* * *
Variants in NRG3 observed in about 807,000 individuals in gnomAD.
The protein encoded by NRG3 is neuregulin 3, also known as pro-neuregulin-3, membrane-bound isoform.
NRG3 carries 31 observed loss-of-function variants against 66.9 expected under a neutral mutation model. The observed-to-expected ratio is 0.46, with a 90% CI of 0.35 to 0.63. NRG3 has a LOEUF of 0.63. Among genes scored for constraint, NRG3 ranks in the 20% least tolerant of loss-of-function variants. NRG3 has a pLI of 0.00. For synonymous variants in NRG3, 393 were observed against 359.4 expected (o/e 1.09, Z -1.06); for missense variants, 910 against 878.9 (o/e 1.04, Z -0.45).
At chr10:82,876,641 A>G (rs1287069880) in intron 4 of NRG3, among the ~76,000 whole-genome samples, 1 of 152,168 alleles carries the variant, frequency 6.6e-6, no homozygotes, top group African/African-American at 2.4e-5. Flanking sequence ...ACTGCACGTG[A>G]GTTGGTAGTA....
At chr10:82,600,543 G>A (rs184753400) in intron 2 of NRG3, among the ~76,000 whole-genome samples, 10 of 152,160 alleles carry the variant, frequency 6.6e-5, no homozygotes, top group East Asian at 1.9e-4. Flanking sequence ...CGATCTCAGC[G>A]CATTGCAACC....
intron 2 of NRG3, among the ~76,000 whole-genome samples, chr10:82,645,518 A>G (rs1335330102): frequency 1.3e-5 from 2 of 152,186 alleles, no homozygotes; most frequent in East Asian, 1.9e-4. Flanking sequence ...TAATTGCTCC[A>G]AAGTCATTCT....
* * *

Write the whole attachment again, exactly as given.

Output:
Variants in NRG3 observed in about 807,000 individuals in gnomAD.
The protein encoded by NRG3 is neuregulin 3, also known as pro-neuregulin-3, membrane-bound isoform.
NRG3 carries 31 observed loss-of-function variants against 66.9 expected under a neutral mutation model. The observed-to-expected ratio is 0.46, with a 90% CI of 0.35 to 0.63. NRG3 has a LOEUF of 0.63. Among genes scored for constraint, NRG3 ranks in the 20% least tolerant of loss-of-function variants. NRG3 has a pLI of 0.00. For synonymous variants in NRG3, 393 were observed against 359.4 expected (o/e 1.09, Z -1.06); for missense variants, 910 against 878.9 (o/e 1.04, Z -0.45).
At chr10:82,876,641 A>G (rs1287069880) in intron 4 of NRG3, among the ~76,000 whole-genome samples, 1 of 152,168 alleles carries the variant, frequency 6.6e-6, no homozygotes, top group African/African-American at 2.4e-5. Flanking sequence ...ACTGCACGTG[A>G]GTTGGTAGTA....
At chr10:82,600,543 G>A (rs184753400) in intron 2 of NRG3, among the ~76,000 whole-genome samples, 10 of 152,160 alleles carry the variant, frequency 6.6e-5, no homozygotes, top group East Asian at 1.9e-4. Flanking sequence ...CGATCTCAGC[G>A]CATTGCAACC....
intron 2 of NRG3, among the ~76,000 whole-genome samples, chr10:82,645,518 A>G (rs1335330102): frequency 1.3e-5 from 2 of 152,186 alleles, no homozygotes; most frequent in East Asian, 1.9e-4. Flanking sequence ...TAATTGCTCC[A>G]AAGTCATTCT....